Trump adds another year to Huawei/ZTE ban

Brian Heater
WASHINGTON, DC - JANUARY 29: President Donald Trump is seen through a window speaking on the phone with King of Saudi Arabia, Salman bin Abd al-Aziz Al Saud, in the Oval Office of the White House, January 29, 2017 in Washington, DC. On Sunday, President Trump is making several phone calls with world leaders from the Oval Office. (Photo by Mark Wilson/Getty Images)

Donald Trump this week signed an extension of last year’s national emergency declaration aimed at barring commercial trade with certain foreign telecom companies. The extension comes nearly a year to the day after the first order, this time extending things through May of 2021.

Per the original language, the order invokes the International Emergency Economic Powers Act to “deal with the threat posed by the unrestricted acquisition or use in the United States of information and communications technology… supplied by persons owned by, controlled by, or subject to the jurisdiction or direction of foreign adversaries.”

Specifically, it’s aimed at Chinese companies like Huawei and ZTE, against which the administration has levied all manner of national security complaints. Chief among them are accusations of government-tied spying and violations of sanctions against countries like North Korea and Iran.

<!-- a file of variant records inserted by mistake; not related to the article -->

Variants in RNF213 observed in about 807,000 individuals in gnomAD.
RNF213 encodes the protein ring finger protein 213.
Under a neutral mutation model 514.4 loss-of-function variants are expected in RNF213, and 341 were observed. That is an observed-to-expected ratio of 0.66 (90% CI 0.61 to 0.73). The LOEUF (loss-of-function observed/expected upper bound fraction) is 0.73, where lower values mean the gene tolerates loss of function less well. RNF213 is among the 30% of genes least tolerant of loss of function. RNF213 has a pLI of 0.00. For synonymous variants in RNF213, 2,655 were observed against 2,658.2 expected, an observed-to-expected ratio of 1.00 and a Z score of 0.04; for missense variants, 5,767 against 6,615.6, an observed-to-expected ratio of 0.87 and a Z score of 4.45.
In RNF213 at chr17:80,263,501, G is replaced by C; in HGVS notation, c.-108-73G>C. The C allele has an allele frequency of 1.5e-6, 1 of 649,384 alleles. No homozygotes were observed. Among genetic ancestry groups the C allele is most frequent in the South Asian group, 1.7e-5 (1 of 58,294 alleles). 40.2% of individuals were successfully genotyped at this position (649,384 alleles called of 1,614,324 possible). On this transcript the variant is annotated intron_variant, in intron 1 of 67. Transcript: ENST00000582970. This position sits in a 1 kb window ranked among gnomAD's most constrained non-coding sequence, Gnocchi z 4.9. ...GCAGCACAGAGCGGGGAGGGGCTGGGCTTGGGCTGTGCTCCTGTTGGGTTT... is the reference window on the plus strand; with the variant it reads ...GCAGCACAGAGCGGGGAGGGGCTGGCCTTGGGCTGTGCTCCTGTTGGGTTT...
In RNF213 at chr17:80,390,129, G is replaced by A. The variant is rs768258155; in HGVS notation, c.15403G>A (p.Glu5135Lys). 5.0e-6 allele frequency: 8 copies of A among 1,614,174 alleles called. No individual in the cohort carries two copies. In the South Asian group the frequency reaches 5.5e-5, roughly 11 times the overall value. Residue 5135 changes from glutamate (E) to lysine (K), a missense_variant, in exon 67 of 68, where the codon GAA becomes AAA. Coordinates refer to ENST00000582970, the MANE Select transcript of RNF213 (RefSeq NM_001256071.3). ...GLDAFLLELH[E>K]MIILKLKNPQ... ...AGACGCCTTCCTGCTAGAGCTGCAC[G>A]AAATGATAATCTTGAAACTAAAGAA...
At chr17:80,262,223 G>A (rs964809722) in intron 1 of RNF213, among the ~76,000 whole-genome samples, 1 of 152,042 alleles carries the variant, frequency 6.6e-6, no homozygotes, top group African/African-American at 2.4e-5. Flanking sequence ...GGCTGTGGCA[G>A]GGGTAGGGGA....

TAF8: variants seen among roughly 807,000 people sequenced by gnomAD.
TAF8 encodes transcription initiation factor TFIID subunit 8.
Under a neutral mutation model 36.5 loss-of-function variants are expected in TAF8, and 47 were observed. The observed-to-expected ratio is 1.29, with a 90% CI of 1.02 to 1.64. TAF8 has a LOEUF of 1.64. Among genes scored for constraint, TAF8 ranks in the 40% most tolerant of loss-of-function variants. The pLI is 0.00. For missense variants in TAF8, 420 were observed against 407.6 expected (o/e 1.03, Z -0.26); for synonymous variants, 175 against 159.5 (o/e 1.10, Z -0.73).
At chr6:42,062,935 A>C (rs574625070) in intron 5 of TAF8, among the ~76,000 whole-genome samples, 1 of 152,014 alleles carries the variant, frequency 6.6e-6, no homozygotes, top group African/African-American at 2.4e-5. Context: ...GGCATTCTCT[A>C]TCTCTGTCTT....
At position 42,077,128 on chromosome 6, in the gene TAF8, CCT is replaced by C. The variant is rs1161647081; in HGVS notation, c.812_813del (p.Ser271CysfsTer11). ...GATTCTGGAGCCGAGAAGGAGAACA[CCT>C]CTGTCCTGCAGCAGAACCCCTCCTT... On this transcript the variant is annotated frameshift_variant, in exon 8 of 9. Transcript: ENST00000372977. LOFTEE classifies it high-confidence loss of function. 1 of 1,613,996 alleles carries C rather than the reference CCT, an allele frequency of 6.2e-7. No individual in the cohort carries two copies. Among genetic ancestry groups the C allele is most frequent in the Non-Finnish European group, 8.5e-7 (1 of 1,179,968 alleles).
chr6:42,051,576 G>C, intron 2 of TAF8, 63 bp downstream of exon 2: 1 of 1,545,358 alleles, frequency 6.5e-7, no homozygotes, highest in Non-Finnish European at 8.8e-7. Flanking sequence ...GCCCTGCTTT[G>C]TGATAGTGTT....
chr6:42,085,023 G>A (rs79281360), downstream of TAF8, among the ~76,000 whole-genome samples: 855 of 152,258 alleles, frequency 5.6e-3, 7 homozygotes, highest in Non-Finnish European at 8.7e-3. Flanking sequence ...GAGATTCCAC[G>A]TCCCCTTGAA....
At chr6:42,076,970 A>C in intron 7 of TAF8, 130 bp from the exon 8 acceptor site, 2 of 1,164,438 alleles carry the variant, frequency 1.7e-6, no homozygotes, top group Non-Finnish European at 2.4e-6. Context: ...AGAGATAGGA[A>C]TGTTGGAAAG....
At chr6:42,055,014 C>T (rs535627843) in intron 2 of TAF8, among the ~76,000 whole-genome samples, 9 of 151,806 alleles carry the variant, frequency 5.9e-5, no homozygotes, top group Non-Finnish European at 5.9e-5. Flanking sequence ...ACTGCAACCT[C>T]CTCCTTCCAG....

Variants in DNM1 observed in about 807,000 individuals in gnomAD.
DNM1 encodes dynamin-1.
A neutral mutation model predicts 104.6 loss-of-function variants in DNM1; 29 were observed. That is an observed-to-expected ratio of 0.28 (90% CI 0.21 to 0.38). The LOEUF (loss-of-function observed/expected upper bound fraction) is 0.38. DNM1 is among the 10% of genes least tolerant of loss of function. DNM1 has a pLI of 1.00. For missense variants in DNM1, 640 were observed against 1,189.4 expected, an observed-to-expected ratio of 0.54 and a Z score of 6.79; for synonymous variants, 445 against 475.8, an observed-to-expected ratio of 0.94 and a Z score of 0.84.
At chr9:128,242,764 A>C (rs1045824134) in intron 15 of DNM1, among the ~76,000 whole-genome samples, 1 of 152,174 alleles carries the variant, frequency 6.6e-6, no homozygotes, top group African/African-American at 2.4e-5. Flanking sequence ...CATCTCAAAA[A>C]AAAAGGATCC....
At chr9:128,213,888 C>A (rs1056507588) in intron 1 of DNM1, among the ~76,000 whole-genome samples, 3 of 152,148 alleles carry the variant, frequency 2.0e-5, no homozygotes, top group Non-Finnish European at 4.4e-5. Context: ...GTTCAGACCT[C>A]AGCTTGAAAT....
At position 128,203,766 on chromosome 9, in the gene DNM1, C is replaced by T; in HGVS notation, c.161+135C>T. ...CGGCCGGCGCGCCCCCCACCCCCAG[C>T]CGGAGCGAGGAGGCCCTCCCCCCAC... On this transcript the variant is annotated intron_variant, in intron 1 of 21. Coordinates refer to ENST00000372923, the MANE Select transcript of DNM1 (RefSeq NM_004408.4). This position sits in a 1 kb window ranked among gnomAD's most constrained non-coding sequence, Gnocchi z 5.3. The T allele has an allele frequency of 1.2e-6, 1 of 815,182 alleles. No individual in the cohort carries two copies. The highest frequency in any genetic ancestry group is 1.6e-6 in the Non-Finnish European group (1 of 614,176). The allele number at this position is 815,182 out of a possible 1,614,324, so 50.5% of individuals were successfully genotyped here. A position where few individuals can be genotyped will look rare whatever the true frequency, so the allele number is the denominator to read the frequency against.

Trump declares national emergency to protect US networks from foreign espionage


Huawei has been especially hard hit, as the ban restricts the manufacturer's use of Google apps — a massive blow to its software ecosystem. Numbers from analyst firm Canalys earlier this month note than the company’s shipments have declined by 35% in markets outside of its native China. It’s true that the market was already on rocky ground for all manufacturers even before the COVID-19 pandemic, but Huawei’s plummet is four times that of Apple’s in non-China markets, per the firm.

The company has been working on its own in-house alternatives to key Google apps. In the meantime, however, Huawei is going to have to rely on sales of older devices, while shipping new flagships without the necessary apps.